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Emotional Spending

Diary of an Anonymous Funeral Planner - Chapter 2

This is the 2nd of a series written by an anonymous man caught unprepared in the expensive web of “death care” in the United States.

I, as my father's only son and the one in the family who had spent the most time with him in his final years, realized his funeral plans were my call. My mother (Dad's former wife) had long given me money to compensate for the livelihood I lost while caring for Dad and his complex mental illness. She was, clearly, going to be the one to write the check for Dad's services.

Going in to our meeting with the pastor who would be leading the services, Mom and I had all but agreed that the funeral should be as simple, and inexpensive, as possible. We didn't have any direct instruction from Dad, so we just decided frugality was our best bet. (In Dad's latter years, my wife and I had tried to have several conversations with him about his desires for a funeral, but he always seemed somewhat confused about the topic. His ideas were conflicting to say the least. One time he would Diary of a Funeral Plannersay, “I want the most expensive damned casket that we can get. I want to be buried in a Cadillac!” Not long later, he'd say, “People go too far with funerals. What the hell do they think dead people are going to do with all that stuff?” )

Some may say it was a mistake to invite several other people to that meeting. It cost us thousands.

But I'm glad we did.

During the meeting, Mom and I mentioned that we were thinking of what's known in the funeral business as a “direct cremation.” We would ask that Dad's body be cremated quickly after it had arrived from the coroner’s office and we would choose an inexpensive, but stylish and elegant, urn to display at the funeral. By doing this, we would forgo the expense of a viewing ceremony (some $600), embalming (some $1,600), a casket (some $1,700) a grave site (some $2,500), a headstone (some $1,500), transport of the body to the church (some $600) and other miscellaneous expenses (some $2,000).

Dad's roommate, and at least one family member, politely objected to this plan. They said seeing my father's body one final time in an open casket was emotionally important to them, and they asked us to reconsider our plans.

My mother and I quickly realized that sticking to our idea would be heartless. So we assured the others that a full, open casket, funeral would be in store – despite the extra cost. And, further, we assured the others that Dad would be buried, not cremated, and a grave marker would be proudly installed giving all mourners a special place by which to return to remember him at any time.

The pastor was a blessed man. He took strong note of the extra cost and thanked my mother for what he realized would be a significant financial sacrifice. The next day, he called to say that a group of anonymous members of the church had teamed up to donate $1,200 to Dad's service. The funeral home would be receiving a check directly, he said.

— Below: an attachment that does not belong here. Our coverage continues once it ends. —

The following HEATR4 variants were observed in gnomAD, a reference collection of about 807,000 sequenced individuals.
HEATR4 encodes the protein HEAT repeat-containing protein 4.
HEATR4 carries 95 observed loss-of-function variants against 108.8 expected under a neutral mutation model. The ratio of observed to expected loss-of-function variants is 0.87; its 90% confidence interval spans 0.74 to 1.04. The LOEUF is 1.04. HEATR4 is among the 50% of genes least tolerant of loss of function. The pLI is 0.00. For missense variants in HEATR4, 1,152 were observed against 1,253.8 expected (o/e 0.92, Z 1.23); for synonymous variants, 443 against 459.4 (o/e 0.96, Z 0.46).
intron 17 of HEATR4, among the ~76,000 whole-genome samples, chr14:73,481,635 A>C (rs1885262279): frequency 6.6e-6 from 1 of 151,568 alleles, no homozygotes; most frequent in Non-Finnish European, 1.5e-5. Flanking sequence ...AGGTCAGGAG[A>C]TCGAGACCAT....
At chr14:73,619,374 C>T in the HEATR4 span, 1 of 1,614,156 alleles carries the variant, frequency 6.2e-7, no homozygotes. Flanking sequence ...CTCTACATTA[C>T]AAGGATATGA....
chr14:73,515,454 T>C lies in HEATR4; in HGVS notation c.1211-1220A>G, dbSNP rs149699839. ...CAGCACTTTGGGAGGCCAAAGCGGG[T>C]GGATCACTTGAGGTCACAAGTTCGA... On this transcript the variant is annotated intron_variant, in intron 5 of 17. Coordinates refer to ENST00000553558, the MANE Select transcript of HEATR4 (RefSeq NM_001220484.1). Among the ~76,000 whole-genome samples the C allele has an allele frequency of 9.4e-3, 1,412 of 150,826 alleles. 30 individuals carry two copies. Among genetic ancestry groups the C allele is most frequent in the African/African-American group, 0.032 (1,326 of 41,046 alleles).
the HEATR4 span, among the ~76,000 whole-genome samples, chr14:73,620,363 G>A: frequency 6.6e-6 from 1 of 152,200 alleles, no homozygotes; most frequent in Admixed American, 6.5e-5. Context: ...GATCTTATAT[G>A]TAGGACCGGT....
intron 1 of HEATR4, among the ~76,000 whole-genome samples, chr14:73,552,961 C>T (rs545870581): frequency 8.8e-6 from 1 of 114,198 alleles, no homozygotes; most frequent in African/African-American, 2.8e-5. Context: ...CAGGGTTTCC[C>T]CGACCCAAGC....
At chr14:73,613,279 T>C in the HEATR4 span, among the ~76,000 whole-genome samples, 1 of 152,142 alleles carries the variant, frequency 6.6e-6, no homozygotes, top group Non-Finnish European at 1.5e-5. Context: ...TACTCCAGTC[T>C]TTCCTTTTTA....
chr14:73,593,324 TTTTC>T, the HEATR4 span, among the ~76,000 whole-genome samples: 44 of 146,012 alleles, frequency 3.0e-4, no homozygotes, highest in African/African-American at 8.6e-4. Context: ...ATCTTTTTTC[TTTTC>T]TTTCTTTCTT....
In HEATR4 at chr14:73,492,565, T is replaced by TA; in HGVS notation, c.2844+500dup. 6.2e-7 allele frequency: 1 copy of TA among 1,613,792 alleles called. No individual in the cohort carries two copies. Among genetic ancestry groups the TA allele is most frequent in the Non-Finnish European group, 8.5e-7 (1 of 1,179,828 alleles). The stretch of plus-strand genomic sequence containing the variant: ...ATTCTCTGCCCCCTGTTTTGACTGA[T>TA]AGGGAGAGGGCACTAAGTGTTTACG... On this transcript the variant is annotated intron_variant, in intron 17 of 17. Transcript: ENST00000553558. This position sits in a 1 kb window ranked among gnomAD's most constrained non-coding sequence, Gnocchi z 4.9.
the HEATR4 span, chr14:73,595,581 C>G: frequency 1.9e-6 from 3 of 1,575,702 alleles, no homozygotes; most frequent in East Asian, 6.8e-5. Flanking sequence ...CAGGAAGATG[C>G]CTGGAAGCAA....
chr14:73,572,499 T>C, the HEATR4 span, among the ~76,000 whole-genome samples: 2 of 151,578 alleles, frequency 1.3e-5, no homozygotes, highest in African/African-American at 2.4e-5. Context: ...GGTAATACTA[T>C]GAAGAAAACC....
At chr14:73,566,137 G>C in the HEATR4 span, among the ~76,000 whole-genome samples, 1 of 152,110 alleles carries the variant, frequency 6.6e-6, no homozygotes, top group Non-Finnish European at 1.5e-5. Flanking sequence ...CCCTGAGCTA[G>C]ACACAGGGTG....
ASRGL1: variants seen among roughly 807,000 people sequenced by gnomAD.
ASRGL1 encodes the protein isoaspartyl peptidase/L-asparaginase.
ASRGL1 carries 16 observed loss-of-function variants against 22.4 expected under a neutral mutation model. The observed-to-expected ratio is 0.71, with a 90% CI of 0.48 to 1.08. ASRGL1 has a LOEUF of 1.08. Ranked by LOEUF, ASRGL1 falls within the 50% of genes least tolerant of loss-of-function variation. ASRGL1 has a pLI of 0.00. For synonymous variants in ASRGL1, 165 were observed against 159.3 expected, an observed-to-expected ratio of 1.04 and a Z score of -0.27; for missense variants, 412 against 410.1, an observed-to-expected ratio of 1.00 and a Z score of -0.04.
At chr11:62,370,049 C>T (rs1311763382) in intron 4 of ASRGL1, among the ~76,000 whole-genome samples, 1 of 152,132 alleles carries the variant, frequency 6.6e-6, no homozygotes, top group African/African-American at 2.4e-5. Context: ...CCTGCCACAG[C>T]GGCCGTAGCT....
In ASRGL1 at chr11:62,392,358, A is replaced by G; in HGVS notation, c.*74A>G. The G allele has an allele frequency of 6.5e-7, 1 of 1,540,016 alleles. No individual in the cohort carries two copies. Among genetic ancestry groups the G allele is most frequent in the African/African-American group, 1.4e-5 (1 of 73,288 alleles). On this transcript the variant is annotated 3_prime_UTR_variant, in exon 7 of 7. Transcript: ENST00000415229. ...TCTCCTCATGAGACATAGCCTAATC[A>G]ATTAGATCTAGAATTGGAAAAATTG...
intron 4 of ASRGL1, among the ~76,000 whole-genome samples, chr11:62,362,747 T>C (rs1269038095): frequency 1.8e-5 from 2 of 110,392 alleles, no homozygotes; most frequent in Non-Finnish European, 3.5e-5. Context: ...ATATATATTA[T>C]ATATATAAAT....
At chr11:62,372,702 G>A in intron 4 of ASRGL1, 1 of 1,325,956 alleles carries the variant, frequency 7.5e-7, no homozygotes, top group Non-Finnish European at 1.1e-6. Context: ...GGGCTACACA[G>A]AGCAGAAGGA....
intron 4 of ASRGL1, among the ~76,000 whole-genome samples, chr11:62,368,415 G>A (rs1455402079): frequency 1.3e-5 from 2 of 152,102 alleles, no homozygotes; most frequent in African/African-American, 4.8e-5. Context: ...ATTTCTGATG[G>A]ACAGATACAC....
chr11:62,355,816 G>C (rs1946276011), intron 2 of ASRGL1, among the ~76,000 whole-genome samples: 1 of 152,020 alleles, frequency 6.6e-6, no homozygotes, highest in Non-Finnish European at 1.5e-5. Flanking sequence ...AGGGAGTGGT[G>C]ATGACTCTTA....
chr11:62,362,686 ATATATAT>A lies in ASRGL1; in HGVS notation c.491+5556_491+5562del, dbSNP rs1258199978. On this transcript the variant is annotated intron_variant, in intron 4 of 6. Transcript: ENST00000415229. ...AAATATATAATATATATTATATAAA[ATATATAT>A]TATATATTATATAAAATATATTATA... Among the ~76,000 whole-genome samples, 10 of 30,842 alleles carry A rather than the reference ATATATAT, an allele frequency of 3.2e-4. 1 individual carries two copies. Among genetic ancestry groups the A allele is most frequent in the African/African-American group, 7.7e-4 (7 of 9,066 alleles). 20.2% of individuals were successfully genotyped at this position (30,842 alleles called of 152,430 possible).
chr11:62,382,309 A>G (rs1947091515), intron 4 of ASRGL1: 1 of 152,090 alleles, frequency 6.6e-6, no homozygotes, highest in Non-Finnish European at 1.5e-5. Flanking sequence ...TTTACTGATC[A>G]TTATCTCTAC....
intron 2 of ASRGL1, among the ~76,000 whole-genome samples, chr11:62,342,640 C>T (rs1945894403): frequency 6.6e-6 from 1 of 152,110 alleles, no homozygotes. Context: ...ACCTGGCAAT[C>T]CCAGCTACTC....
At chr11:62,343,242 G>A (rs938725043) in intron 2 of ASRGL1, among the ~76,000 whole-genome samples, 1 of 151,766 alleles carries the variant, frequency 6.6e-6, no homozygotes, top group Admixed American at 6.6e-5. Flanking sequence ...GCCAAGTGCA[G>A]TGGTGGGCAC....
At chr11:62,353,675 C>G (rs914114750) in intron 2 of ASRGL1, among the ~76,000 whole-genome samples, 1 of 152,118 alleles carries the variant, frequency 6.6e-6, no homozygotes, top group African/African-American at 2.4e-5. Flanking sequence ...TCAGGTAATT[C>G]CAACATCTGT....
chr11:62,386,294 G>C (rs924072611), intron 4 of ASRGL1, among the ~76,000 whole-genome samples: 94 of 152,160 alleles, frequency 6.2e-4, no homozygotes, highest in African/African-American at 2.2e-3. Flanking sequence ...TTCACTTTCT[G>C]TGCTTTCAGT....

Then, later, one of the relatives who had requested the open casket service gave my mother a check for $1,000.

Mom and I were grateful to God for the donations, but, at the same time, we also shared a sense of sadness. Why must these services that are so emotionally important to so many be so expensive? The funeral director mentioned to us that embalming usually requires 1-2 hours, at the most, but Dad's case was more difficult than usual. The coroner’s cuts required an extra 3 hours to repair, so our charge for the embalming would be $400 more than usual.

Mom and I both, being frugal, did the math silently in our head. Though we did not complain -- out of respect for our dear friends who had felt so strongly about ordering the embalming service -- we felt robbed. The funeral home had made more than $266 per hour on the embalming service. And its doubtful that the free market would have allowed the company that much had strong, almost desperate, emotions not been involved. This meets both of our definition of price gouging.

Mom and I, relying on God to keep our anger in check, maintained a “render unto Caesar what is Caesar's approach” to the rest of the negotiations with the funeral director and the cemetery salesman. But we both confessed to one another later that we giggled to ourselves at the salesman's, seemingly good-natured warning that we “be careful not to emotionally overspend.” Neither of us bothered to tell him that – since we'd not intended to buy a cemetery plot at all – every dollar we gave him would, indeed, be a case of emotional overspending.

As the salesman showed us around the cemetery to find the best spot for my father's grave, he pointed to several large monuments throughout the park that families had spent more than a million dollars to erect. Compared to that, the $4,500 (total, including grave marker) we would be spending on dad's grave seemed exceedingly cheap. Fortunately, Mom and I both recognized the sales pitch: the man was trying all he could to shame us – in a friendly sort of way – into an upgrade to one of the more expensive areas of the park, the places that offered better views and put my father in with more wealthy company.

In other words, he was trying his best to get us to emotionally overspend.

Continue To Chapter 3: Does the Funeral Apply

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